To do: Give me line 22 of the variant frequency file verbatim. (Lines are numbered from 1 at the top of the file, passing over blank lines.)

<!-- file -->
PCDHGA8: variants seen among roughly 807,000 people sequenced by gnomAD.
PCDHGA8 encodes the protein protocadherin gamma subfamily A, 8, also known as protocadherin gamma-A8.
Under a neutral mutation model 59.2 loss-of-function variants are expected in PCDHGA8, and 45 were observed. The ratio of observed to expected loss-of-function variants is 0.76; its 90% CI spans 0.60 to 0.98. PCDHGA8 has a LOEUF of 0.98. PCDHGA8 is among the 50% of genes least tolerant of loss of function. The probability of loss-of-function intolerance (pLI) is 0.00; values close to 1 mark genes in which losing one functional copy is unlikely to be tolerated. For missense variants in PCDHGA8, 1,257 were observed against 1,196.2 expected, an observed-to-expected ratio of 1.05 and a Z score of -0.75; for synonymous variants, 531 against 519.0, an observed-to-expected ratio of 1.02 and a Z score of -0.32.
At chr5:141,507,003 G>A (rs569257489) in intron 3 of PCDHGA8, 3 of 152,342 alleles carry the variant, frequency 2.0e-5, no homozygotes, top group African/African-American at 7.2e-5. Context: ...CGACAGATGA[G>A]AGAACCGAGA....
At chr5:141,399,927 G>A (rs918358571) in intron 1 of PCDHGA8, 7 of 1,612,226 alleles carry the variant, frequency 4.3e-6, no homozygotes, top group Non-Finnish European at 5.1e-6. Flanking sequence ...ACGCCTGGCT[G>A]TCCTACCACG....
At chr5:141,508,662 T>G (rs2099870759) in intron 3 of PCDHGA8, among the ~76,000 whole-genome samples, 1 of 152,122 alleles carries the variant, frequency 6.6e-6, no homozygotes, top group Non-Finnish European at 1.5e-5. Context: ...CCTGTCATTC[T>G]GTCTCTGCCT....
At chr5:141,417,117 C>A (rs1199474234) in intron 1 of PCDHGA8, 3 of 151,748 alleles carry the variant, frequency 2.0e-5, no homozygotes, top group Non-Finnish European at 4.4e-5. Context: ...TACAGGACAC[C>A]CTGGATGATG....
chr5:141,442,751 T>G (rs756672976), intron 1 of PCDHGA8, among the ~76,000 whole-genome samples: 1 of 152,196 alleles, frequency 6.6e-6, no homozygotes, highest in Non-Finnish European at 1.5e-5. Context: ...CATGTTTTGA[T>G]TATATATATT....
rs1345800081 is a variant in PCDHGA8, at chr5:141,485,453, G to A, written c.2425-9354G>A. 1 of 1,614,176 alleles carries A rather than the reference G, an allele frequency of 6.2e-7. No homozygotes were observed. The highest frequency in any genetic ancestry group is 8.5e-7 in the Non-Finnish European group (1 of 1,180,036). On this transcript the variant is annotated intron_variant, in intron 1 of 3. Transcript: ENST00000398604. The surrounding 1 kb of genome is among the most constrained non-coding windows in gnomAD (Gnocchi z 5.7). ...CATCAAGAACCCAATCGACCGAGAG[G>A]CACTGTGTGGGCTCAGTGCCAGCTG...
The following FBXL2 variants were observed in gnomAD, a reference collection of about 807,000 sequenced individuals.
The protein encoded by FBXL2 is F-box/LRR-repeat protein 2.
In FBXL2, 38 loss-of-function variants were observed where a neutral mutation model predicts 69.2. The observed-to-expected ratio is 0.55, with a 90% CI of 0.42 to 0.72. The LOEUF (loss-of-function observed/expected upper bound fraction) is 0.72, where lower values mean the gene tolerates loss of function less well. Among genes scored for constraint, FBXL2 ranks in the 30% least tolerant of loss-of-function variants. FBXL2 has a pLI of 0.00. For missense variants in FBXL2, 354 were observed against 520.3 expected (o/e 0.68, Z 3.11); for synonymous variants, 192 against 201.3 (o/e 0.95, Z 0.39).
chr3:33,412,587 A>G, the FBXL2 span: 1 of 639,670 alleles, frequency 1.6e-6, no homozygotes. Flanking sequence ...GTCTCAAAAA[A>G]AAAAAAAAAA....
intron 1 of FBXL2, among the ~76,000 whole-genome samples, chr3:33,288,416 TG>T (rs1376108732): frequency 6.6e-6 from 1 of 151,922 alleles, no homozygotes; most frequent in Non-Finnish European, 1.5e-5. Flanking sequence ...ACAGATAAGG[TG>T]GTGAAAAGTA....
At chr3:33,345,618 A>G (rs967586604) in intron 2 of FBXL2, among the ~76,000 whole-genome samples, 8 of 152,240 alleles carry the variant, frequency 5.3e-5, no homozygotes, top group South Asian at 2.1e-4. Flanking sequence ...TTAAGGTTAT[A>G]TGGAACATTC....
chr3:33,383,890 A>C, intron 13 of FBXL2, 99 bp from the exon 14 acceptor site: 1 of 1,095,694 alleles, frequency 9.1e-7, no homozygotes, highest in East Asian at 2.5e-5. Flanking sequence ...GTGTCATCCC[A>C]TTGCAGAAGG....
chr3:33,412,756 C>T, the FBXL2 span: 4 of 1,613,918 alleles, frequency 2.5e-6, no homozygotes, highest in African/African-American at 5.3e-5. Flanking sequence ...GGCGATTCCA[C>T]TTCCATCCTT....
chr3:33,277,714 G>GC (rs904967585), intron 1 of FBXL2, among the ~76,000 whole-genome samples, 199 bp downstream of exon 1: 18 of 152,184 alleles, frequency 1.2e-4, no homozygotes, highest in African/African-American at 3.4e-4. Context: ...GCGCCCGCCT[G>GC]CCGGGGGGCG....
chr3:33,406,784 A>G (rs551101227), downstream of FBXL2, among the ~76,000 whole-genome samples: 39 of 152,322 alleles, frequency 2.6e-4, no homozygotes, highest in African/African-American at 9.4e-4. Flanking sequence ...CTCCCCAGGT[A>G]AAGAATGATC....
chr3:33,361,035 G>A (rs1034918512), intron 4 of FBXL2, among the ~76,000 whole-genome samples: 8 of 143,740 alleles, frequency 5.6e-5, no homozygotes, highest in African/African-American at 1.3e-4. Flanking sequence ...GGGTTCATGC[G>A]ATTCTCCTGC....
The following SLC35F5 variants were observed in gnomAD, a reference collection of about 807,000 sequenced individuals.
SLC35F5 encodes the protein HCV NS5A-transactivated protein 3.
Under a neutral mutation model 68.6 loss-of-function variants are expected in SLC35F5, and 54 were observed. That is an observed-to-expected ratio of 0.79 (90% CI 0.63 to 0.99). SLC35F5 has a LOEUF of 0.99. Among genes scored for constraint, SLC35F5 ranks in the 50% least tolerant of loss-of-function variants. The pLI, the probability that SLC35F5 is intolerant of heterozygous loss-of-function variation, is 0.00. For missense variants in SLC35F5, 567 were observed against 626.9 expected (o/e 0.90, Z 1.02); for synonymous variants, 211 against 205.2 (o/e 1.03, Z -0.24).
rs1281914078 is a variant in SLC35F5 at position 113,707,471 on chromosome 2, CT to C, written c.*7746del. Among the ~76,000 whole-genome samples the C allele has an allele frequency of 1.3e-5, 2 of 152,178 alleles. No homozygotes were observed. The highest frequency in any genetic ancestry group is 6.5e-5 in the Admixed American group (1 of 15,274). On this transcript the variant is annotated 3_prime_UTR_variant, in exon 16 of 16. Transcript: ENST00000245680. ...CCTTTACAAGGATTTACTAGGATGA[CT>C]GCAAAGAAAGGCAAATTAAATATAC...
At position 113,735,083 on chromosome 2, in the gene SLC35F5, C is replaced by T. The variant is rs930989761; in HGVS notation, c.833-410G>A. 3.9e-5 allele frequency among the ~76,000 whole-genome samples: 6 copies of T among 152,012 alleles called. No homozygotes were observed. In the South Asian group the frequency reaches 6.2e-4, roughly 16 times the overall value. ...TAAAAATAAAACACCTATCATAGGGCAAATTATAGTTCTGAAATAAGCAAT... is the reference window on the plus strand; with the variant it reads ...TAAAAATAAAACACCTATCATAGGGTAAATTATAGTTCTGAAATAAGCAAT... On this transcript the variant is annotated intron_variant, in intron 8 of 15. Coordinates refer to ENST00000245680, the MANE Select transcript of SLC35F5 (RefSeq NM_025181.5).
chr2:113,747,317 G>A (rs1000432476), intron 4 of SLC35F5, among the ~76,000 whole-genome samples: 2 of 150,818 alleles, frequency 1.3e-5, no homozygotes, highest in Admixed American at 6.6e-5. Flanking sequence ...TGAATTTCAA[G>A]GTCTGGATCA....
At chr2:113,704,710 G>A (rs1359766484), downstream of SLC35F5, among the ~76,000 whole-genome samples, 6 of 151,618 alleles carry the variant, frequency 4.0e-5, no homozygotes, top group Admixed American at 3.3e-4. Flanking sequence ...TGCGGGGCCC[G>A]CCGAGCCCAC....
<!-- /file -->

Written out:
SLC35F5 encodes the protein HCV NS5A-transactivated protein 3.